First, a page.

Thursday, February 10, 2011

What does Jesus REALLY mean?

Our sermon texts this week are Deuteronomy 30:15-20, 1 Corinthians 3:1-9, and Matthew 5:21-37, found here.

Last week we talked about the interpretive challenge of the many apparent contradictions found in Jesus' core teaching in the Sermon on the Mount. This week, it seems that the broader question of how we interpret the Sermon on the Mount might be a good one for us to consider based on the comments I've been hearing around the church as we've dug into these texts. Things like, "If we took this literally, I'd be walking around without a right eye...or a hand...or legs..." and questions like, "Does Jesus mean we all have to do all of these things? How is this possible? It looks impossible."

The Sermon on the Mount as a whole can inspire these reactions in us. But perhaps no section more than this week's, where the things that plague us most--earthy things like anger, lust, making promises we can't keep, broken relationships--are confronted by Jesus head-on. We all get are we all subject to hell? Is calling someone an idiot really as bad as murder? If Jesus really wants us to gouge our eyes out when we look at someone lustfully, why are we not all walking around like pirates in eyepatches?

As you read these texts and wrestle with questions like these, I thought it might be useful to introduce some different ways people have looked at these texts over the years in their interpretations of them for practical living, as they've tried to answer that most annoying of questions: "What does Jesus REALLY mean?" I leave them up to your meditation, but do include my snapshot reflections on each view at the end.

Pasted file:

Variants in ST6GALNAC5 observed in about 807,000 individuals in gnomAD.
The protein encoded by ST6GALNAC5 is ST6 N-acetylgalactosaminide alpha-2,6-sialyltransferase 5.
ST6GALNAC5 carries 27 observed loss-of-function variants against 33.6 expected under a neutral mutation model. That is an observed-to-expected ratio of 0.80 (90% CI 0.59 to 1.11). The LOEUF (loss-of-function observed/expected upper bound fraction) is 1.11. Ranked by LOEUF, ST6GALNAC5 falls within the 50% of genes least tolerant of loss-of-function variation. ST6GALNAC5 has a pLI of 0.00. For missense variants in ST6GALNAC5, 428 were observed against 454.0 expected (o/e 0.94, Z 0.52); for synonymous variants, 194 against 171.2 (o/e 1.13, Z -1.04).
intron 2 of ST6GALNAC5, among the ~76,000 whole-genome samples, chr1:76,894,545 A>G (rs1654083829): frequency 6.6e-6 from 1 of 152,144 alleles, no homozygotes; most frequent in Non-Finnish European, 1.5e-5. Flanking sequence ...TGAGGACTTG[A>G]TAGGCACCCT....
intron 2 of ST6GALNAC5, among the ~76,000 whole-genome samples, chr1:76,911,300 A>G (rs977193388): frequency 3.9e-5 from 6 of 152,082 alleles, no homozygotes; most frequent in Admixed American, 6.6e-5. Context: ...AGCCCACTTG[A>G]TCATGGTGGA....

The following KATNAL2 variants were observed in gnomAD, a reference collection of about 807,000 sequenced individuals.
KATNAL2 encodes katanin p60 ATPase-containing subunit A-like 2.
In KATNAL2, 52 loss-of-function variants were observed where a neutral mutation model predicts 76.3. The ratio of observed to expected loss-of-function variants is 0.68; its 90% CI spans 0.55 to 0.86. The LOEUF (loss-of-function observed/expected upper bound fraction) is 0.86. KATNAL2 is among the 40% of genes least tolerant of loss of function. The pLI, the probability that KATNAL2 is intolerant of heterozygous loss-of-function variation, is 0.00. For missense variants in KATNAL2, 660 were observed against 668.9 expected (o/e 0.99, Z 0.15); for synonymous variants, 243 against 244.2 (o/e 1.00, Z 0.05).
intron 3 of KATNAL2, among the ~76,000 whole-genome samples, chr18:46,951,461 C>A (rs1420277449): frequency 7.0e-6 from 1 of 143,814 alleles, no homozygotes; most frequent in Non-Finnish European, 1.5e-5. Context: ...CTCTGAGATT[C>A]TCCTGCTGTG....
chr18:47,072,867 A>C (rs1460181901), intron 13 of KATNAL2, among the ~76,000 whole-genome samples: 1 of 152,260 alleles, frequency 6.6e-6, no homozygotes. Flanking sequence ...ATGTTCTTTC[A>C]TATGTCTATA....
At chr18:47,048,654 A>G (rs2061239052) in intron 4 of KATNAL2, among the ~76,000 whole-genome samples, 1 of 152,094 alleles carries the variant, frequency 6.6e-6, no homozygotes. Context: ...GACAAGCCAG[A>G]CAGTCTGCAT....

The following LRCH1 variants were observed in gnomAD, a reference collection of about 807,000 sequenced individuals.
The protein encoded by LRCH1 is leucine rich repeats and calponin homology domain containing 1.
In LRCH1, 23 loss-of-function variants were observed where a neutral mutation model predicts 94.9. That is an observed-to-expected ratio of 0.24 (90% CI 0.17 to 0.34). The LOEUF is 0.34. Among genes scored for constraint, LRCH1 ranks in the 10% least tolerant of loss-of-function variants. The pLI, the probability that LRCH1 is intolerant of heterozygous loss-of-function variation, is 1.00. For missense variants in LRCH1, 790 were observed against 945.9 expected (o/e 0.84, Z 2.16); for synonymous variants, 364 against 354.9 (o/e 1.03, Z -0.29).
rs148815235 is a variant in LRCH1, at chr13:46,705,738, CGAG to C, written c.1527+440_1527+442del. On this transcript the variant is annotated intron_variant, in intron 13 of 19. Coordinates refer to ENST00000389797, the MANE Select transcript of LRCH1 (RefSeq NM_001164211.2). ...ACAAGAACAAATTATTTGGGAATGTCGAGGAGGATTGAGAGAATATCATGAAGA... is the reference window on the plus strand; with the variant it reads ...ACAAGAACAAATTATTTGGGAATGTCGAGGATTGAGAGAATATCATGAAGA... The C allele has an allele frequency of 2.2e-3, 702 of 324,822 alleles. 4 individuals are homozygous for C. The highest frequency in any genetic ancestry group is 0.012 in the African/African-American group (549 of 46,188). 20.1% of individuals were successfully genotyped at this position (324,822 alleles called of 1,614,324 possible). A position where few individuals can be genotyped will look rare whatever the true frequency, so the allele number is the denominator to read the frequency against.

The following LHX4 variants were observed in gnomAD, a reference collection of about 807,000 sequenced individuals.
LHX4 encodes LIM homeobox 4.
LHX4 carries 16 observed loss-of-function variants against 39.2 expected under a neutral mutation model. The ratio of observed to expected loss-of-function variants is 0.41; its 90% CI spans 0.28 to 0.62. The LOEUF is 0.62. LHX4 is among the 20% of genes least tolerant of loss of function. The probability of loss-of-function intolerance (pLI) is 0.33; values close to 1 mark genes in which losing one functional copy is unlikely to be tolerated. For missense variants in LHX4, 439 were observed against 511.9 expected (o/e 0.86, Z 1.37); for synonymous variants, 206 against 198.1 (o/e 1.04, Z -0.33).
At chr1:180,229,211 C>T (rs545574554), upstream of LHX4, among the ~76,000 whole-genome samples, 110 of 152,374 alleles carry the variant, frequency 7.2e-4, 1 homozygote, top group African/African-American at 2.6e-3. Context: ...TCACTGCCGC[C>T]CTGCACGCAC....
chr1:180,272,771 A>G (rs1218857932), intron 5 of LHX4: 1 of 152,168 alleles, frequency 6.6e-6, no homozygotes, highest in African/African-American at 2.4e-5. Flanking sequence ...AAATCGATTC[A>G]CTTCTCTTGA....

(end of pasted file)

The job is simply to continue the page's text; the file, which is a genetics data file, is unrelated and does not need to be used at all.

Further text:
Option 1: The Sermon Applies to Everyone, or to All Christians, and to All Times.
Early Christianity took this sermon quite literally, and problems quickly emerged (as expected) when Jesus' high ethic ran into a world that tends to run by the lowest common denominator.
So, interpreters have worked to figure out realistic ways the Sermon could still apply to everyone. Some say it is best to think of Jesus' teachings as standards of idealistic goals that, even if we cannot literally reach them, can at least provide us with direction for our ethical striving. The sermon, in the way, is seen as principles and attitudes that should influence our practice. Others (Martin Luther was a big proponent of this angle) said the sermon applies to us all at all times, but that its function is to help us all realize how much we are in need of grace as we cannot possibly live by this law. I don't love either of those spins; I don't believe Jesus was about scaring us into grace with visions of severed arms, but nor do I believe Jesus would speak this seriously if Jesus didn't really mean it and just wanted us to get the gist of what he was saying and do the best we can with it...this doesn't feel like Jesus to me.

Option 2: The Sermon Applies Only to Certain People.
During the Middle Ages some theologicans began to argue that the precepts of the Christian faith apply to all Christians, but that these loftier teachings are only for a select few--say, priests, monks, and nuns. This view says that as a few people embody this way of life, they help the Church as a whole be a witness to what life in the kingdom of God looks like. This feels like a cop-out to me, but maybe that's because I, as a minister, don't want to be the only one who has to live this way...I recognize that this sermon was aimed primarily at Jesus' inner circle of disciples, but he said it in the hearing of everyone...and Jesus never seemed elitist to me in the way that this view implies.